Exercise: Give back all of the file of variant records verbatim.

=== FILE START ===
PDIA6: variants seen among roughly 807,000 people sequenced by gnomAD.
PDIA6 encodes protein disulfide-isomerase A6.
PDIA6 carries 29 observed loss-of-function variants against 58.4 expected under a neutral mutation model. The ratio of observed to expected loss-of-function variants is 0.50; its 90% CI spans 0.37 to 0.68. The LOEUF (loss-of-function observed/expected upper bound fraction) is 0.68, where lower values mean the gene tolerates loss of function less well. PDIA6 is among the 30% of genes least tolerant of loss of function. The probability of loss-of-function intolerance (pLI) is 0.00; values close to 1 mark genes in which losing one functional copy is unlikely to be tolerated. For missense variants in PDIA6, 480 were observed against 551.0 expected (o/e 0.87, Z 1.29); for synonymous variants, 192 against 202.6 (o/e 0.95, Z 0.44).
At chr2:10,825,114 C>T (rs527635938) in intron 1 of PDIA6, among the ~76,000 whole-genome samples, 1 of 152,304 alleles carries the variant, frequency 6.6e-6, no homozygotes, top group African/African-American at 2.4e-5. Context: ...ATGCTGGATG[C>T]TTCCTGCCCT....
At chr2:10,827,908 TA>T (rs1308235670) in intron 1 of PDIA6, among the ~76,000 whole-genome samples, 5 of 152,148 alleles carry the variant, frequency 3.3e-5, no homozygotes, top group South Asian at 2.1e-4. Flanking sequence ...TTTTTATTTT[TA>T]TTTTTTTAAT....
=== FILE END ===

PDIA6: variants seen among roughly 807,000 people sequenced by gnomAD.
PDIA6 encodes protein disulfide-isomerase A6.
PDIA6 carries 29 observed loss-of-function variants against 58.4 expected under a neutral mutation model. The ratio of observed to expected loss-of-function variants is 0.50; its 90% CI spans 0.37 to 0.68. The LOEUF (loss-of-function observed/expected upper bound fraction) is 0.68, where lower values mean the gene tolerates loss of function less well. PDIA6 is among the 30% of genes least tolerant of loss of function. The probability of loss-of-function intolerance (pLI) is 0.00; values close to 1 mark genes in which losing one functional copy is unlikely to be tolerated. For missense variants in PDIA6, 480 were observed against 551.0 expected (o/e 0.87, Z 1.29); for synonymous variants, 192 against 202.6 (o/e 0.95, Z 0.44).
At chr2:10,825,114 C>T (rs527635938) in intron 1 of PDIA6, among the ~76,000 whole-genome samples, 1 of 152,304 alleles carries the variant, frequency 6.6e-6, no homozygotes, top group African/African-American at 2.4e-5. Context: ...ATGCTGGATG[C>T]TTCCTGCCCT....
At chr2:10,827,908 TA>T (rs1308235670) in intron 1 of PDIA6, among the ~76,000 whole-genome samples, 5 of 152,148 alleles carry the variant, frequency 3.3e-5, no homozygotes, top group South Asian at 2.1e-4. Flanking sequence ...TTTTTATTTT[TA>T]TTTTTTTAAT....